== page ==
Bristol-Myers Squibb and AbbVie have announced that their co-development project for an antibody therapy against Multiple Myeloma has been approved in the EU after a successful Phase III trial.
Empliciti (elotuzumab) has been developed for the treatment of multiple myeloma as combination therapy in patients who have received at least one prior therapy, now making it the first and only immunostimulatory antibody approved for multiple myeloma in the EU.
The approval is based on data from the Phase III ELOQUENT-2 study, which evaluated Empliciti in combination with the thalidomide dervivate lenalidomide and the steroid dexamethasone. The trial ran for 646 patients in total across Europe as well as Australia, Japan and Russia.
Empliciti has a dual mechanism-of-action. It directly activates the immune system through Natural Killer cells via the SLAMF7 pathway. Empliciti also targets SLAMF7 on myeloma cells, tagging these malignant cells for Natural Killer cell-mediated destruction via antibody-dependent cellular toxicity.
Multiple myeloma is a blood cancer that develops in the bone marrow. It occurs when a plasma cell, a type of cell in the soft center of bone marrow, becomes cancerous and multiplies uncontrollably.
Despite advances in multiple myeloma treatment over the last decade, less than half of patients survive for five or more years after diagnosis.
Patients often experience a cycle of remission and relapse, and once a patient first relapses, their prognosis worsens with progressively faster relapses through each subsequent line of therapy. As Antonio Palumbo at the Myeloma Unit at the University of Torino (Italy) explained:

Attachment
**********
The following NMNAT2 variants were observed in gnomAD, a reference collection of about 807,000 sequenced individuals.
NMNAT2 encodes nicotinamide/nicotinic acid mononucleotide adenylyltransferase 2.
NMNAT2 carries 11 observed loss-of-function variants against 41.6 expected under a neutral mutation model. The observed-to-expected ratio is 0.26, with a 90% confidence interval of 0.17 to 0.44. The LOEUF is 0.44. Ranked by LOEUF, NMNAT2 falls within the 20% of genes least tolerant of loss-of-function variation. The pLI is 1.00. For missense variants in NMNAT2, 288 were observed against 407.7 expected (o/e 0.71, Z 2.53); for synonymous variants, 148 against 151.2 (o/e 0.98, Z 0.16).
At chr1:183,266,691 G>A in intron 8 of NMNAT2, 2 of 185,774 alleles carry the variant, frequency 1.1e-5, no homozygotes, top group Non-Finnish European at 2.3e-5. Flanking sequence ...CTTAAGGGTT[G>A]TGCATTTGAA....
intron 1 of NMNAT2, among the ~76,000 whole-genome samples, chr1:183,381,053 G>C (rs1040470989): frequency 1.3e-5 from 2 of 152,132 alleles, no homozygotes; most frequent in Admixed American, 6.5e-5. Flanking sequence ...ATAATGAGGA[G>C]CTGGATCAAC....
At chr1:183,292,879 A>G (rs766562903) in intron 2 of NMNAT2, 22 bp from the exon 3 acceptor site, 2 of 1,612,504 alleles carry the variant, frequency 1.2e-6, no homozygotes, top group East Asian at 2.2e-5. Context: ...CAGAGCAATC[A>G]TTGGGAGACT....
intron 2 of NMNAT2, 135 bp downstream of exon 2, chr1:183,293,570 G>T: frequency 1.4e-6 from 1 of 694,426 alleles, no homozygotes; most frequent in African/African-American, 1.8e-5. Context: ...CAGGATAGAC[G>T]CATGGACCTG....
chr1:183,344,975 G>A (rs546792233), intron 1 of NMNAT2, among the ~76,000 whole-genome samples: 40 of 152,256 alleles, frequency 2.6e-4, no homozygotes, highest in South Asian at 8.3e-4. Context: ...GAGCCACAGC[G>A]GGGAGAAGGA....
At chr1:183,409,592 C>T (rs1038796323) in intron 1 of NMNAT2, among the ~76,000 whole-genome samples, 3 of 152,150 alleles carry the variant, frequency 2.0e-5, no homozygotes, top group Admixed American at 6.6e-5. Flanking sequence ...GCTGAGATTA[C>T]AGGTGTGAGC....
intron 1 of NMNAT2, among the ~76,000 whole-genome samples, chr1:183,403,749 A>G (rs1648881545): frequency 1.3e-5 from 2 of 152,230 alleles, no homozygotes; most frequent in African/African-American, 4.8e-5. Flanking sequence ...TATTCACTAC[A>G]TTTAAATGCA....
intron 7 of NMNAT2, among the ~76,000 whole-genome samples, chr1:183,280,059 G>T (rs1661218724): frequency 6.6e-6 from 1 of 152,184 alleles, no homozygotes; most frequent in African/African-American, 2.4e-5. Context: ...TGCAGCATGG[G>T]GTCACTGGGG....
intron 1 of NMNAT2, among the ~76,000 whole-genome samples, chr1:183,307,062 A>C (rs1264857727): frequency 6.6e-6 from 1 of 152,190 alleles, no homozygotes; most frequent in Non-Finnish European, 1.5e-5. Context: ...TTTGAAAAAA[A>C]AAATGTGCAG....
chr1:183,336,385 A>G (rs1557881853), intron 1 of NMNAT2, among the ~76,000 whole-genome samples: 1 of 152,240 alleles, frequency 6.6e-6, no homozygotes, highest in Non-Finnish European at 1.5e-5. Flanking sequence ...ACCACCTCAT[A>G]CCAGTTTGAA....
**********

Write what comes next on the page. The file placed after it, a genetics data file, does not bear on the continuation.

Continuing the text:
“As multiple myeloma is largely incurable and is often characterised by a cycle of remission and relapse, there is a critical need for new therapies for patients that work in unique and innovative ways”.
BMS says its collaboration with academia, as well as small and large biotech companies, is responsible for researching the potential Immuno-Oncology and non-Immuno-Oncology combinations, with the goal of providing new treatment options in clinical practice.
Empliciti in combination with lenalidomide and dexamethasone is approved in the United States, and the safety and efficacy of Empliciti is being evaluated by other health authorities.
This is an exciting development for sufferers of the disease, for whom a thalidomide derivative (lenalidomide) has been the first line of treatment.
As the first biological therapy for this cancer to be approved, Empliciti could make a real difference to the estimated 114,200 new cases of MM diagnosed each year.